First of all, when writing an evaluation essay, the writer must consider for whom this essay is written. If, for instance, if the assignment is for an instructor,the student should be mindful of the tone (formal or informal) that is expected, the amount of evidence required, length, etc.
Essentially, evaluation essays are argumentative. However, the major points that are made are judgments, not opinions. If a student's assignment is the evaluation a work of literature, for instance, in order to form these judgments, it is often helpful to read professional criticisms on these works and, perhaps, then find from these criticisms some characteristics of the work that can be weighed as to their value.
The evaluation essay should address the effectiveness or ineffectiveness of each set of criteria that is used for judgment with examples from the work used to support this judgment. For instance, if the student writes an evaluation essay on Frankenstein as a Gothic novel, then, the criteria becomes the elements of the Gothic style such as setting, atmosphere/style, and characterization as they are addressed and developed in the narrative. For example, Frankenstein clearly has an atmosphere of mystery and suspense, one of the elements of the Gothic novel. With the creation of a malformed being from which Victor Frankenstein runs, there is clearly a threatening feeling and fear of the unknown, along with Victor's overwrought emotions.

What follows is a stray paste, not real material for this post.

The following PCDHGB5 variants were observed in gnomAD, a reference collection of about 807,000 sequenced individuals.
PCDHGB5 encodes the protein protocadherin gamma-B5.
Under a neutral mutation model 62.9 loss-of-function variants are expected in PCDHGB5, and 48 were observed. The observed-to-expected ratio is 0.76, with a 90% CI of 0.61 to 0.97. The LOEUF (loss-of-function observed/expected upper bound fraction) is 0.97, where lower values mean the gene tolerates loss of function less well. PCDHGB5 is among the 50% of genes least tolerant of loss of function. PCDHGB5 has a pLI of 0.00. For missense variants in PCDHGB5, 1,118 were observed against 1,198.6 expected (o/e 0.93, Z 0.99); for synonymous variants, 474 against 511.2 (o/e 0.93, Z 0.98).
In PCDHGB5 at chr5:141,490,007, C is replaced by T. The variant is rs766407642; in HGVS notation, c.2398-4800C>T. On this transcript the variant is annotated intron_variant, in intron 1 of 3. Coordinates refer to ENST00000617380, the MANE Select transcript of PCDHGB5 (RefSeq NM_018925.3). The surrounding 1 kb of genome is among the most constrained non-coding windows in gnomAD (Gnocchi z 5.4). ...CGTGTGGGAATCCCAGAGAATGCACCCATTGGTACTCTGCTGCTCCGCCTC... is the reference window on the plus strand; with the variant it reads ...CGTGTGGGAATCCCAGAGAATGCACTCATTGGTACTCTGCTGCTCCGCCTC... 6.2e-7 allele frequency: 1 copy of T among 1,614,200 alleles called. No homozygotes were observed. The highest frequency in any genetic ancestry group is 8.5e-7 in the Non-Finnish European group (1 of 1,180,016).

Usually, the evaluation essay begins with an introduction of the plot to the reader, focusing on parts of the plot that will lend themselves to evaluation according to the criteria set down in the thesis. Thus, the body of the essay addresses the effectiveness or ineffectiveness of the work in following this criteria in an argumentative style that provides proof.